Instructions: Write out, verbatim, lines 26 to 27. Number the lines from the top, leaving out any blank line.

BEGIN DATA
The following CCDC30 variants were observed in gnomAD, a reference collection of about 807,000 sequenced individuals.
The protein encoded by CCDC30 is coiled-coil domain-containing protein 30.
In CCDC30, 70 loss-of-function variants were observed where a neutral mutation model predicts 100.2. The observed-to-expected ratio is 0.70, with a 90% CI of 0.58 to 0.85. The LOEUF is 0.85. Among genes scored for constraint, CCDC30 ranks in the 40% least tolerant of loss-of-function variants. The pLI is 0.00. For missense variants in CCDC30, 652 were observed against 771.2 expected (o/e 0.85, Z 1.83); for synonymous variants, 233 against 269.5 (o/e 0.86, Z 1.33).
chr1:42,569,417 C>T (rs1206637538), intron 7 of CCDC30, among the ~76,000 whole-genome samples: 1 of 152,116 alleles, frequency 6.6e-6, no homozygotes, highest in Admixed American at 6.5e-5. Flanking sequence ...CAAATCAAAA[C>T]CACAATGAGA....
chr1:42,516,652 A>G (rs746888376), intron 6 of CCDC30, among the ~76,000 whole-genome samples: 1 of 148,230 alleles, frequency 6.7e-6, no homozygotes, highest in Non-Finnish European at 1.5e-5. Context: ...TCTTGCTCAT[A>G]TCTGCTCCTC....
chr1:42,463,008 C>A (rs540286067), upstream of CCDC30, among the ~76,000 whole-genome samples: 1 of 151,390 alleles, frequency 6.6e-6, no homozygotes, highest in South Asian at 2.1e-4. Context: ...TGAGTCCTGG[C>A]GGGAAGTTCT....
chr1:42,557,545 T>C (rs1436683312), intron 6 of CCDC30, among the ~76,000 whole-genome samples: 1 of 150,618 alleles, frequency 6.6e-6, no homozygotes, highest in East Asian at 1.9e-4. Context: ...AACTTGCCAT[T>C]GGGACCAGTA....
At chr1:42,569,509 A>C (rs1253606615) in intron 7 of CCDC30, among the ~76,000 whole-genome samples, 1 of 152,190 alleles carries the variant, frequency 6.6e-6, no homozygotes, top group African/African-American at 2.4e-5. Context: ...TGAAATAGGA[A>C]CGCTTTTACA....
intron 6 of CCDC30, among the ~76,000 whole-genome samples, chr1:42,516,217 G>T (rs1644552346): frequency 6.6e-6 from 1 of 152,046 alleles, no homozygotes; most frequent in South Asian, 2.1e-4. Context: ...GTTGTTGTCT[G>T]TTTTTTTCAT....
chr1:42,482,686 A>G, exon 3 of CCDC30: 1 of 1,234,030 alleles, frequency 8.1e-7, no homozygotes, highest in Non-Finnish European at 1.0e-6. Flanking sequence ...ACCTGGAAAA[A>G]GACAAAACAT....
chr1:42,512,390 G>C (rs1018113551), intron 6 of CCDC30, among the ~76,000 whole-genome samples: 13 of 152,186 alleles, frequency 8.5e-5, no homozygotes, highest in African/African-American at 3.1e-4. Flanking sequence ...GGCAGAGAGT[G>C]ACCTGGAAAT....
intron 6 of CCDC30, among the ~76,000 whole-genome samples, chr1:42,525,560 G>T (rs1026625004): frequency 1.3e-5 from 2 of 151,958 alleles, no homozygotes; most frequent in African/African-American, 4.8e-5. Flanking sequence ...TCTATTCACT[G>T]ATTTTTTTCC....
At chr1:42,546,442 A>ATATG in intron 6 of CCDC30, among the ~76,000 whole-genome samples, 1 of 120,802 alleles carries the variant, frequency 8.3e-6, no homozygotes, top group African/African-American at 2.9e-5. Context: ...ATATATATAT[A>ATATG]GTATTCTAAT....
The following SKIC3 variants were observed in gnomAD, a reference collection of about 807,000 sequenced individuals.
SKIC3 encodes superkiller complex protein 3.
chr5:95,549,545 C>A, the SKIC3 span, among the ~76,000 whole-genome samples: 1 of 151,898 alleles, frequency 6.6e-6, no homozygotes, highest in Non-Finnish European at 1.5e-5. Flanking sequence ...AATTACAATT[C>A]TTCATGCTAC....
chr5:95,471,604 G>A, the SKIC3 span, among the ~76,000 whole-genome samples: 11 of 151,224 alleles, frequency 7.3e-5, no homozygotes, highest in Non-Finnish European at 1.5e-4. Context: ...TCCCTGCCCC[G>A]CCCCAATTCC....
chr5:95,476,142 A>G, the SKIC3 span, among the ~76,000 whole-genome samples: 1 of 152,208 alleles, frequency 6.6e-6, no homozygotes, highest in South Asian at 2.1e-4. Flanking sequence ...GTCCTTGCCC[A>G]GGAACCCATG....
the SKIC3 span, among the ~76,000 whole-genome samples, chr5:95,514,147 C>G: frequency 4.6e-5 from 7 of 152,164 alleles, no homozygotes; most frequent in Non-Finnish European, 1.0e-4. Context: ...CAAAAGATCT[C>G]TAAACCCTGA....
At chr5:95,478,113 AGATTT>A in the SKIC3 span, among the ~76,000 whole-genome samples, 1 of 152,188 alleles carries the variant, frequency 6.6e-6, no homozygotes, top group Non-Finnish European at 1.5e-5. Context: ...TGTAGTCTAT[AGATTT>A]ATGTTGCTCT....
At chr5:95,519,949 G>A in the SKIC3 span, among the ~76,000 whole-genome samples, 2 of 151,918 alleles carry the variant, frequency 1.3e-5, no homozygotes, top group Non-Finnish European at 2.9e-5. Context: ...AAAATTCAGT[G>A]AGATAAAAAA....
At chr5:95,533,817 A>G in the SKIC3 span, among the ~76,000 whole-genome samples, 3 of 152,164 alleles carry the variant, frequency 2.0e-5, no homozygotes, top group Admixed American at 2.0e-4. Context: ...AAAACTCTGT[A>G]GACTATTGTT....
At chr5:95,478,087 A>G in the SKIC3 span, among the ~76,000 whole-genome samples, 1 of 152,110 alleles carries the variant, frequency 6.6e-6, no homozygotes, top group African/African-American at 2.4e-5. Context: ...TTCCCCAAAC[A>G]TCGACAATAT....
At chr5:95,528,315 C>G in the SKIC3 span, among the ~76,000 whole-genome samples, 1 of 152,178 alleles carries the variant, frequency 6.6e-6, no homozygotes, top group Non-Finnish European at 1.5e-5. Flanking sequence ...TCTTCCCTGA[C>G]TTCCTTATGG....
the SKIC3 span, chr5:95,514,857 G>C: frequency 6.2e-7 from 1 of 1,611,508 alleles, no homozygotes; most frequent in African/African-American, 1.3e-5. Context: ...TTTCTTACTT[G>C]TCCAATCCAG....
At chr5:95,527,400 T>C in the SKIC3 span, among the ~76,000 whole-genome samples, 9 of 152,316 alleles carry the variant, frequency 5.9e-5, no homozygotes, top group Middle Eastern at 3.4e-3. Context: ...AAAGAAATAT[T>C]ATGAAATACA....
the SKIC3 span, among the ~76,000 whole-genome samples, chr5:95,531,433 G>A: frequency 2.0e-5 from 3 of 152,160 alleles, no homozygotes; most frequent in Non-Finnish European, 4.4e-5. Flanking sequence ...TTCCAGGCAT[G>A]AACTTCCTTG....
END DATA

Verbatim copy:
At chr5:95,527,400 T>C in the SKIC3 span, among the ~76,000 whole-genome samples, 9 of 152,316 alleles carry the variant, frequency 5.9e-5, no homozygotes, top group Middle Eastern at 3.4e-3. Context: ...AAAGAAATAT[T>C]ATGAAATACA....
the SKIC3 span, among the ~76,000 whole-genome samples, chr5:95,531,433 G>A: frequency 2.0e-5 from 3 of 152,160 alleles, no homozygotes; most frequent in Non-Finnish European, 4.4e-5. Flanking sequence ...TTCCAGGCAT[G>A]AACTTCCTTG....